COVID-19 Staff Risk Assessment

Our staff risk assessment tells you how we are lessening risks to staff during COVID-19.

Overview

We are currently in a pandemic of the coronavirus. Homefield is remaining open and supporting those who are vulnerable and who require medication, personal care and safety. Homefield recognises that at present we need to contain the virus and reduce the risk of the virus entering one of our resident and College properties, and follow any relevant Government advice in applying safe systems of work.

Venue: All Homefield Sites
Assessor / Job Title: Homefield College Management Team
Signature: Helen Whyte
College Co-ordinator: Annette Pike
Review Date: Weekly

Risk Matrix

We measure the likelihood to be improbable, remote, occasional, probable or frequent.

We measure the severity to be negligible, low, moderate, significant or catastrophic.

The Risk Rating is formed out of the likelihood x severity.

  • Red is Catastrophic = STOP

  • Amber is Unacceptable = URGENT ACTION

  • Yellow is Undesirable = ACTION

  • Light Green is Acceptable = MONITOR

  • Dark Green is Desirable = NO ACTION

Questions Asked

We ask the following questions to form our risk assessment.

What are the hazards which may be caused?
State the hazard and any injuries that might be caused.

Who / What may be harmed?
Give specific groups of people e.g. staff, visitors, contractors, students and day service users, residents, etc. and estimate numbers; include significant property damage.

What is done now?
Provision of training, corporate and local standards complied with, existing codes of safe working practice, protective equipment, guarding, supervision, monitoring systems, specific assessments under health and safety regulations e.g. COSHH, DSE, noise, manual handling, fire etc.

How bad is the risk now?
Use the risk assessment matrix system to evaluate the risk.

What needs to be done?
What action should be taken or needs to be considered in order that the risks identified are effectively reduced or controlled?

How bad is the risk?
Use the risk assessment matrix system to evaluate the risk after the controls have been put in place.

By when and by whom?
What is the target date for completion and by whom?

Other Relevant Risk Assessments, Training, Policies and Procedures

  • Inclusion policies and procedures around challenging behaviour

  • Health and Safety training

  • Health and Safety policy and procedures

  • Control of Substances Hazardous to Health (COSHH)

  • Infection Prevention Control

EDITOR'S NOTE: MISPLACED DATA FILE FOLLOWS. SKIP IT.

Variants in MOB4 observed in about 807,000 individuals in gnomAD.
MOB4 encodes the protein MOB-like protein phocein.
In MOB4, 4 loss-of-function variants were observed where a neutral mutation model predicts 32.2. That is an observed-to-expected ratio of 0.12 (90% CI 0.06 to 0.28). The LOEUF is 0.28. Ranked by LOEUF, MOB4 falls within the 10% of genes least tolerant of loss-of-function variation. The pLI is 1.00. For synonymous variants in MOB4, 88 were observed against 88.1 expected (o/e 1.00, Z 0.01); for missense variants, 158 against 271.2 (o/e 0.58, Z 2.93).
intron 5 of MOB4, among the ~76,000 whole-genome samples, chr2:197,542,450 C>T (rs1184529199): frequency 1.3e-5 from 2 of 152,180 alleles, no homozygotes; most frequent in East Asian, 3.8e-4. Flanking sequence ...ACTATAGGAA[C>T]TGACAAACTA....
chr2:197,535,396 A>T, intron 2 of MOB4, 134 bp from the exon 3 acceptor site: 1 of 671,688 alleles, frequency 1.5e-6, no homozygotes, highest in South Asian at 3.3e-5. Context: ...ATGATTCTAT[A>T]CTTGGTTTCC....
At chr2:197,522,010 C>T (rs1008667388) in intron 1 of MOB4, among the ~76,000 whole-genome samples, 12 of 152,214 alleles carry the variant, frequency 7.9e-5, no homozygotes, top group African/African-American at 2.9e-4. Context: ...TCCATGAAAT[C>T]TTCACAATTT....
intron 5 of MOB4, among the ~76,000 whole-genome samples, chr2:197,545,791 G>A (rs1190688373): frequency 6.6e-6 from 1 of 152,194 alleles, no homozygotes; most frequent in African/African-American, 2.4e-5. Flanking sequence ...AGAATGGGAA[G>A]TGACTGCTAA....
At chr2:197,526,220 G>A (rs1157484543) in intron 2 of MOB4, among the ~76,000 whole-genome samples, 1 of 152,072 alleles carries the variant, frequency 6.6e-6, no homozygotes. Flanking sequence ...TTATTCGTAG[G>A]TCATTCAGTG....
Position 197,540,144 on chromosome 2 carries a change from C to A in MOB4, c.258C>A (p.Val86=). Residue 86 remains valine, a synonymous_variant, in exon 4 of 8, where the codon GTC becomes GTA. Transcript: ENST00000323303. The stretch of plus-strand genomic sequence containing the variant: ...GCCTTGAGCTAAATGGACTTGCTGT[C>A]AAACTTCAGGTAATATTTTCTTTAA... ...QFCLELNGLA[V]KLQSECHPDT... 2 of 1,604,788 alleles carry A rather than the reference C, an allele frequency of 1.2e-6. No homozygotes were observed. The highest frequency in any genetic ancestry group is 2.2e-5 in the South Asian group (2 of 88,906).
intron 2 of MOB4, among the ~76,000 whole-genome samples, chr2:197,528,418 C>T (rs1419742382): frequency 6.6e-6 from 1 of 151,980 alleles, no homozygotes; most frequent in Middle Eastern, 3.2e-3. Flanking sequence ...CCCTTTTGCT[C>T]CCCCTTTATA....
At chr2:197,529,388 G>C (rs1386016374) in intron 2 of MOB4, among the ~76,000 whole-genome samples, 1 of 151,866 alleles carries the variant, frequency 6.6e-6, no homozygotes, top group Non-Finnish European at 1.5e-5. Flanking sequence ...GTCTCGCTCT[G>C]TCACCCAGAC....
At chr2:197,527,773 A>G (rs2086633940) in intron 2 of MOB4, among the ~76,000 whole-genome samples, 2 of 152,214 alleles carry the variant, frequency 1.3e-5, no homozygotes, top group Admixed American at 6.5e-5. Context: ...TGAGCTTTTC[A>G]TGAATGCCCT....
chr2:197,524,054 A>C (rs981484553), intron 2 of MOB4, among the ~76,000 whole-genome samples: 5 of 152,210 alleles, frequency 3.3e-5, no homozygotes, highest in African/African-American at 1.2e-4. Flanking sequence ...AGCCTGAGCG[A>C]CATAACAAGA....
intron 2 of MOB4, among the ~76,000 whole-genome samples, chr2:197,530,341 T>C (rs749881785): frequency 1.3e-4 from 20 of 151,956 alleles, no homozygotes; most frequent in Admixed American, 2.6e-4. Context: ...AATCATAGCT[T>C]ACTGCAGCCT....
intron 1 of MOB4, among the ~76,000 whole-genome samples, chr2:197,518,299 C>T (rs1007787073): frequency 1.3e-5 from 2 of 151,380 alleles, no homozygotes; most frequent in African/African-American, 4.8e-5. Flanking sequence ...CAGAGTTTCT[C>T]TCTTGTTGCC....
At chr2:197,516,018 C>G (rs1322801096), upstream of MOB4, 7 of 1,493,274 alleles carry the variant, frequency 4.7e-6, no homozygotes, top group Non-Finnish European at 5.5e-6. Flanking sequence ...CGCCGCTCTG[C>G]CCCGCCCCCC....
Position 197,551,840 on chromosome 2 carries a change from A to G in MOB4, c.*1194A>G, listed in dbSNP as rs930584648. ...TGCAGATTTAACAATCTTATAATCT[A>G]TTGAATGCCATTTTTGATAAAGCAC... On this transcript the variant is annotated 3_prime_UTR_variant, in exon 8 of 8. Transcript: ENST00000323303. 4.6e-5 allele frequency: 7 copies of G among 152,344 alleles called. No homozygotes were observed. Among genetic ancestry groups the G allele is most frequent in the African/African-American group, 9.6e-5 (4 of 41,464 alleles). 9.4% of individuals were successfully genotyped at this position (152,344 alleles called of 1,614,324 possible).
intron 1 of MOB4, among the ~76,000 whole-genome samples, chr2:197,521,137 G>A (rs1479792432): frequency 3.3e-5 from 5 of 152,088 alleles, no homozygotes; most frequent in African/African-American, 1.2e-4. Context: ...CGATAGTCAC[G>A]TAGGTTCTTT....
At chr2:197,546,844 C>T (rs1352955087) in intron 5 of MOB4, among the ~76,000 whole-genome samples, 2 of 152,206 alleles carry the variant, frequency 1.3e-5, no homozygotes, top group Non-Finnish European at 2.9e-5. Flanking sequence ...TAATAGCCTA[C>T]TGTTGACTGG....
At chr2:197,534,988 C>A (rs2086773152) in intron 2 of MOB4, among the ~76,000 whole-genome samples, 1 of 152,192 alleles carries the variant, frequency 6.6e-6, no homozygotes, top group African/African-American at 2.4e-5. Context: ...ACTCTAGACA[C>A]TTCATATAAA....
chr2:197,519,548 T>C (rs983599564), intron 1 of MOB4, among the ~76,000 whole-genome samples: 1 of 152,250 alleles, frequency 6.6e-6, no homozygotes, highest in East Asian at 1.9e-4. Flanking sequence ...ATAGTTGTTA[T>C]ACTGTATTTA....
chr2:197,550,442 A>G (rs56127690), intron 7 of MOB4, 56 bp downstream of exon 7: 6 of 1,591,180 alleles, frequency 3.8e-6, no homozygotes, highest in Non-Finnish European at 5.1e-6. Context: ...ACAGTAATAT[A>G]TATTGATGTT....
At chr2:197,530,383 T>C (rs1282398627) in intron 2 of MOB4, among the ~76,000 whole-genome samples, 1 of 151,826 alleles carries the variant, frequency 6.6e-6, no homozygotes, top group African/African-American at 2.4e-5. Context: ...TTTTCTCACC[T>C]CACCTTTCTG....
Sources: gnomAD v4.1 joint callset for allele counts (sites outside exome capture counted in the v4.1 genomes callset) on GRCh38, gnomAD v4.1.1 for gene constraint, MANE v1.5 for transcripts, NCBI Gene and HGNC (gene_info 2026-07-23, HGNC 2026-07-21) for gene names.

• Department for Education Coronavirus (COVID-19) SEND risk assessment guidance

COVID-19 Staff Risk Assessment

Hazard: Showing Coronavirus symptoms

Who / what may be harmed?

  • Staff

  • Residents

What is done now?

  • Currently no one has symptoms of coronavirus

How bad is the risk now?

  • Red

What needs to be done?

  • Immediately isolate and follow the risk assessment for residents who have symptoms.

  • Should more than 1 person show signs, staff should contact on-call or the registered manager and continue to isolate the individuals.

  • Should a staff member develop symptoms whilst on shift they are to follow the absence procedure and contact on-call or the registered manager.

    • Whilst waiting for cover to arrive the staff member should wear full PPE and as far as possible isolate whilst residents are safe.

    • Deep clean to be enacted once staff member has left.

How bad is the risk?

  • Amber

By when and by whom?

  • All staff when the situation occurs

Hazard: Informed to Shield

Who / what may be harmed?

  • Staff

  • Residents

What is done now?

  • Not all residents have been deemed as clinically vulnerable

How bad is the risk now?

  • Red

What needs to be done?

  • 4 of the residents, one at each care home, have received government shielding letters.

  • Some staff depending on their health are completing their support role on a risk assessment ensuring the risk is reduced.

How bad is the risk?

  • Amber

By when and by whom?

  • Staff

  • Residents

Hazard: Testing for coronavirus

Who / what may be harmed?

  • Staff
  • Residents

What is done now?

  • Testing needs to be completed as per government guidelines

How bad is the risk now?

  • Red

What needs to be done?

  • Coronavirus PCR tests are available within the houses and staff are to complete these on a weekly basis. Residents to complete every 28 days.

  • LFD tests are available for staff only, these need to be taken twice a week, Tuesdays (same as the PCR tests) and Fridays.

  • Any confirmed cases with residents should be alerted to the local authority and public health on telephone number 0344 225 4524.

  • Staff members who receive any positive result from either PCR or LFD test must contact the COVID helpline to notify the positive result.

  • Manager to notify the local health authority, of which Public Helath Englanf will be contacted. PHE will risk assess the situation.

How bad is the risk?

  • Amber

By when and by whom?

  • Staff to support residents to ensure test takes place

  • Staff

Hazard: Coronavirus is easily spread

Who / what may be harmed?

  • Staff

  • Members of the Public

  • Residents

What is done now?

  • Preventative measures to reduce the likelihood

How bad is the risk now?

  • Red

What needs to be done?

  • All staff where possible should have a shower and ensure they wear clean clothing before entering a property. All to wash their hands upon entry to the property and again when they leave.

  • Sanitisers can be found in hand pumps at all locations.

  • Staff should shower and change into clean clothes once they are home also. Wash on at least 40 degrees temperature.

  • Wash hands thoroughly throughout the day and always after going to the toilet, before eating or preparing food.

  • Remind residents to carry out the same hygiene routines frequently throughout the day.

  • Staff should ensure they have tissues ready to offer residents in the case of a sneeze or a cough, catch it, bin it, kill it.

  • Social distancing should be encouraged by all residents and staff members wherever possible.

How bad is the risk?

  • Amber

By when and by whom?

  • All staff immediately

Hazard: PPE to be worn